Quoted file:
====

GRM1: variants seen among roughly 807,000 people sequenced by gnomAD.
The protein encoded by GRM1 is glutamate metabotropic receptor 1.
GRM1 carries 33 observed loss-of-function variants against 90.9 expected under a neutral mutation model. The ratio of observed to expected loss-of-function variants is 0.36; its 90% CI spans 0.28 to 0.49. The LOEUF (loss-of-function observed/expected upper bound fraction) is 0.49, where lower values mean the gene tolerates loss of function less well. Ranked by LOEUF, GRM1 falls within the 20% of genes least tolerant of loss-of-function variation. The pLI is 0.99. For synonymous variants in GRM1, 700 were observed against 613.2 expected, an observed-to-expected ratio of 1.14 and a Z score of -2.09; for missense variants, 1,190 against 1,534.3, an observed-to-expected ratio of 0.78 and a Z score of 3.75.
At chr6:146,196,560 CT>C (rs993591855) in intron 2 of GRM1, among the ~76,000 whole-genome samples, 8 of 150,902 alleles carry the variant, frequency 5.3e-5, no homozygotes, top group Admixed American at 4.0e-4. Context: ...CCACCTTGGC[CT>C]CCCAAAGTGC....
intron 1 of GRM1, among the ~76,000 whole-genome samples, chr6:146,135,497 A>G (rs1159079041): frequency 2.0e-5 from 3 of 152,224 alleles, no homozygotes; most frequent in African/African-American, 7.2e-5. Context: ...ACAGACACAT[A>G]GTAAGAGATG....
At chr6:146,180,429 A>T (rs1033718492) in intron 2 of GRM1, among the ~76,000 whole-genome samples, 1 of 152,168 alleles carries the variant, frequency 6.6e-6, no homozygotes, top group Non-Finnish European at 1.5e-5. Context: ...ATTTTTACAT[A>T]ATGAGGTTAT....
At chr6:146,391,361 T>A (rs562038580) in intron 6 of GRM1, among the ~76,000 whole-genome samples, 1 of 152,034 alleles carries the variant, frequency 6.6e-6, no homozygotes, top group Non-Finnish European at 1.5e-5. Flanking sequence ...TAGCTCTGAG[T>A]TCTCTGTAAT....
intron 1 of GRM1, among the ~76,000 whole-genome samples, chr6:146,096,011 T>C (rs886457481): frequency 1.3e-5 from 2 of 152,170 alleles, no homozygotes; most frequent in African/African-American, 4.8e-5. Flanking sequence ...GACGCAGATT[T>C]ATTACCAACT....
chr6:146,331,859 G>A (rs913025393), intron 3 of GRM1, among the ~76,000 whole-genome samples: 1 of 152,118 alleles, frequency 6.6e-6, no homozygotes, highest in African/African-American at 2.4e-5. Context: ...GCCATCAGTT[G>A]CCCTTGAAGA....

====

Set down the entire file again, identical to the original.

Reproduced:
GRM1: variants seen among roughly 807,000 people sequenced by gnomAD.
The protein encoded by GRM1 is glutamate metabotropic receptor 1.
GRM1 carries 33 observed loss-of-function variants against 90.9 expected under a neutral mutation model. The ratio of observed to expected loss-of-function variants is 0.36; its 90% CI spans 0.28 to 0.49. The LOEUF (loss-of-function observed/expected upper bound fraction) is 0.49, where lower values mean the gene tolerates loss of function less well. Ranked by LOEUF, GRM1 falls within the 20% of genes least tolerant of loss-of-function variation. The pLI is 0.99. For synonymous variants in GRM1, 700 were observed against 613.2 expected, an observed-to-expected ratio of 1.14 and a Z score of -2.09; for missense variants, 1,190 against 1,534.3, an observed-to-expected ratio of 0.78 and a Z score of 3.75.
At chr6:146,196,560 CT>C (rs993591855) in intron 2 of GRM1, among the ~76,000 whole-genome samples, 8 of 150,902 alleles carry the variant, frequency 5.3e-5, no homozygotes, top group Admixed American at 4.0e-4. Context: ...CCACCTTGGC[CT>C]CCCAAAGTGC....
intron 1 of GRM1, among the ~76,000 whole-genome samples, chr6:146,135,497 A>G (rs1159079041): frequency 2.0e-5 from 3 of 152,224 alleles, no homozygotes; most frequent in African/African-American, 7.2e-5. Context: ...ACAGACACAT[A>G]GTAAGAGATG....
At chr6:146,180,429 A>T (rs1033718492) in intron 2 of GRM1, among the ~76,000 whole-genome samples, 1 of 152,168 alleles carries the variant, frequency 6.6e-6, no homozygotes, top group Non-Finnish European at 1.5e-5. Context: ...ATTTTTACAT[A>T]ATGAGGTTAT....
At chr6:146,391,361 T>A (rs562038580) in intron 6 of GRM1, among the ~76,000 whole-genome samples, 1 of 152,034 alleles carries the variant, frequency 6.6e-6, no homozygotes, top group Non-Finnish European at 1.5e-5. Flanking sequence ...TAGCTCTGAG[T>A]TCTCTGTAAT....
intron 1 of GRM1, among the ~76,000 whole-genome samples, chr6:146,096,011 T>C (rs886457481): frequency 1.3e-5 from 2 of 152,170 alleles, no homozygotes; most frequent in African/African-American, 4.8e-5. Flanking sequence ...GACGCAGATT[T>C]ATTACCAACT....
chr6:146,331,859 G>A (rs913025393), intron 3 of GRM1, among the ~76,000 whole-genome samples: 1 of 152,118 alleles, frequency 6.6e-6, no homozygotes, highest in African/African-American at 2.4e-5. Context: ...GCCATCAGTT[G>A]CCCTTGAAGA....